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Software Vulnerabilities Are Bad News For Organizations

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Software vulnerabilities are bad news. They can affect organizations in all sorts of negative ways, financial and otherwise. Common vulnerabilities and exposures (CVE) may put at risk personally identifiable information (PII) belonging to users, allow hackers to illegally access networks and systems, and far more. In doing so they can cost time, money, and customer loyalty. The results can be devastating. 

For example, the 2017 Equifax data breach resulted in hundreds of millions of customer records from the Equifax credit reporting agency being compromised by hackers exploiting a vulnerability. This widely known vulnerability should have been patched earlier, but wasn’t as a result of internal process failures on the part of Equifax. Hackers gained access to the company’s systems using its consumer complaint web portal, and were then able to move to other company servers due to lack of proper security measures. Along the way, they discovered plain text usernames and passwords, allowing them to gain access to even more systems. 

Data pulled from the network went undetected for a period of several months as a result of Equifax not renewing the encryption certificate on one internal security tool. The end result was financial losses in the hundred of millions of dollars.

Far From An Isolated Example

An extreme illustration? Maybe. But it’s far from an isolated one — and serves to demonstrate just how devastating software vulnerabilities can be when left unchecked. The number of such vulnerabilities discovered each year is growing. For a long time, the number of vulnerabilities reported in the National Vulnerability Database, the U.S. government repository of standards-based vulnerability management data, remained stable. 

However, in recent years the number of discovered vulnerabilities has increased. In 2017, the number of vulnerabilities skyrocketed from 6,447 the previous year to 14,714: an increase of more than 100%. While the two subsequent years haven’t shown such a monumental increase, it’s nonetheless clear that software vulnerabilities pose a significant problem — with thousands of new vulnerabilities discovered each year.

This enormous number of vulnerabilities understandably makes it tough for organizations to keep up when making sure that their systems are properly secured. The problem is exacerbated by indirect dependencies, which contain around 75% of all vulnerabilities. That’s significantly more than the number of vulnerabilities to be found in direct dependencies and first-hand loaded components. Indirect dependencies refer to dependencies (a software term for when one piece of software relies on another) that are included in libraries used by your apps. For this reason, they can sometimes be overlooked as a source of potential vulnerabilities.

A Major Headache For Organizations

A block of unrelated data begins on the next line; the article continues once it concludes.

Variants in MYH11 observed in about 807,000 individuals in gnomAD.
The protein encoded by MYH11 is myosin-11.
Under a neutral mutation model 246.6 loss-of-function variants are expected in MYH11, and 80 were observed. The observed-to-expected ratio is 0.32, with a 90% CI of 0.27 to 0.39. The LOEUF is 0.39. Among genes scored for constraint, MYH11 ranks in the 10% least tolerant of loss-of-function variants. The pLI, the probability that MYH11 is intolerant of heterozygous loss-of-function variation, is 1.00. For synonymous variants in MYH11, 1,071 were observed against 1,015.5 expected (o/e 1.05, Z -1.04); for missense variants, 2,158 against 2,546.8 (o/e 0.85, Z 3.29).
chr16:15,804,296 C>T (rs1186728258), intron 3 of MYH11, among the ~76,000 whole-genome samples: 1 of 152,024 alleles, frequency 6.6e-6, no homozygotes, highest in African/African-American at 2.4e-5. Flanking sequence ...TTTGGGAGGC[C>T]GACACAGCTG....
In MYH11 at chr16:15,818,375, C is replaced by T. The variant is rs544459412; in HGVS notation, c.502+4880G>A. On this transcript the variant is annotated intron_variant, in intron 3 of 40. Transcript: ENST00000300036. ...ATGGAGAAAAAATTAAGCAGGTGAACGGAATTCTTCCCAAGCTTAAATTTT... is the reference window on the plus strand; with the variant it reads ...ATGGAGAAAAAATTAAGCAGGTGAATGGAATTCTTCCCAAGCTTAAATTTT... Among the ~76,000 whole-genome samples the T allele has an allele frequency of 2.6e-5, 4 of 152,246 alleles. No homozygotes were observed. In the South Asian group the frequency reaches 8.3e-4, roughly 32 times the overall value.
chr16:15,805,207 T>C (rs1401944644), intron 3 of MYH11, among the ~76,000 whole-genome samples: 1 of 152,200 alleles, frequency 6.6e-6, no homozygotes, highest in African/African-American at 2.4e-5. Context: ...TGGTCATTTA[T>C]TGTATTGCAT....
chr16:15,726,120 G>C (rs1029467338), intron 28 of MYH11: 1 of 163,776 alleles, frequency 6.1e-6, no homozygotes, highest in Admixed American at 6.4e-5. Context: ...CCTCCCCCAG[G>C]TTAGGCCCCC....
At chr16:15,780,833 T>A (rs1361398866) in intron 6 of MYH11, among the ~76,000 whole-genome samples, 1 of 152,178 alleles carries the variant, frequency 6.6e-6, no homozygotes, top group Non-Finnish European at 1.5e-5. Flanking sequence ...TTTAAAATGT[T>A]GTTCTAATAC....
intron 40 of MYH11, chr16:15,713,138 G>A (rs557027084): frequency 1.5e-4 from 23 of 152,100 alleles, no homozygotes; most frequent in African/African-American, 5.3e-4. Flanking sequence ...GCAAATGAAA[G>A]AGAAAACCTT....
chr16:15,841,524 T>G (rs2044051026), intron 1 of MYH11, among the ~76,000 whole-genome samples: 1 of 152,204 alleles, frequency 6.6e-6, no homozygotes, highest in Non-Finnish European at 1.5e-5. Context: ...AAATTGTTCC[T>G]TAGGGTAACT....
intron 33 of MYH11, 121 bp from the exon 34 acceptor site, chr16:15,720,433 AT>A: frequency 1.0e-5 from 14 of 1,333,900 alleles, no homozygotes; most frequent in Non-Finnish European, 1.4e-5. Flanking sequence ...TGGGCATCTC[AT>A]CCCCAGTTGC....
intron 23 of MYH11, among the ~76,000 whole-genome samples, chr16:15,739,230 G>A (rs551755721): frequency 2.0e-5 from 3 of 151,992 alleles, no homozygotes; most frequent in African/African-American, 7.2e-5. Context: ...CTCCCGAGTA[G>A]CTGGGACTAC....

The problem may seem insurmountable for organizations. Just one single vulnerable endpoint — whether it’s part of an application, a server, or a network — can be sufficient to put huge numbers of users and amounts of sensitive data at risk. At the same time, organizations can be slow to update systems, either due to the potential downtime of crucial services while servers are offline or, in other cases, sign-offs about upgrading systems that have been developed in-house. 

Even if an organization takes just a few weeks to respond to a potential security flaw, that’s ample time for a possible cyber attack to take place. Added to this is the challenge of zero-day exploits, in which cyber attackers use a publicly disclosed or undisclosed vulnerability before it is officially acknowledged by a vendor. These attacks are on the rise and mean that simply being a conscientious, fast-moving organization that ensures its security certificates and patches are kept up to date isn’t necessarily enough to defend against an attack.

Help Is At Hand — Thanks To Virtual Patching

Virtual patching can help. A virtual patch refers to a series of rules intended to mitigate a specific software vulnerability, but without having to change the vulnerable code. This is crucial in the case of many modern systems that rely on third-party components which, as noted, bring their own challenges when it comes to vulnerabilities. 

Instead of having to wait for a third-party plugin developer to push a fix to a vulnerability, virtual patching can be shipped to a website automatically to rapidly address a security vulnerability faster than an official patch may be available. 

Despite its name, virtual patching doesn’t physically patch the vulnerability by fixing it on the level of code. But what it does is to add a shielding layer of security that seeks out and stops potential attacks that seek to exploit vulnerabilities. That means blocking bad actors and requests, analyzing patterns in web traffic, and more. A good Web Application Firewall (WAF) will block attempts to exploit known common vulnerabilities and exposures, even when that underlying vulnerability has yet to be fixed. They’ll also use generic rules and behavior analysis to spot potential exploit attacks from new threat vectors.

Virtual patching is a scalable solution that’s faster than waiting for developers to patch every known vulnerability (which, in the event that a certain app is no longer supported by a vendor, may never be fixed.) It also reduces the risk of accidentally introducing another conflict into a system since libraries and code files are not altered. Finally, it is a lifesaver for organizations that rely on critical systems they simply can’t afford to take offline.

It’s a no-brainer for any organization that doesn’t want to be caught out by a security vulnerability.

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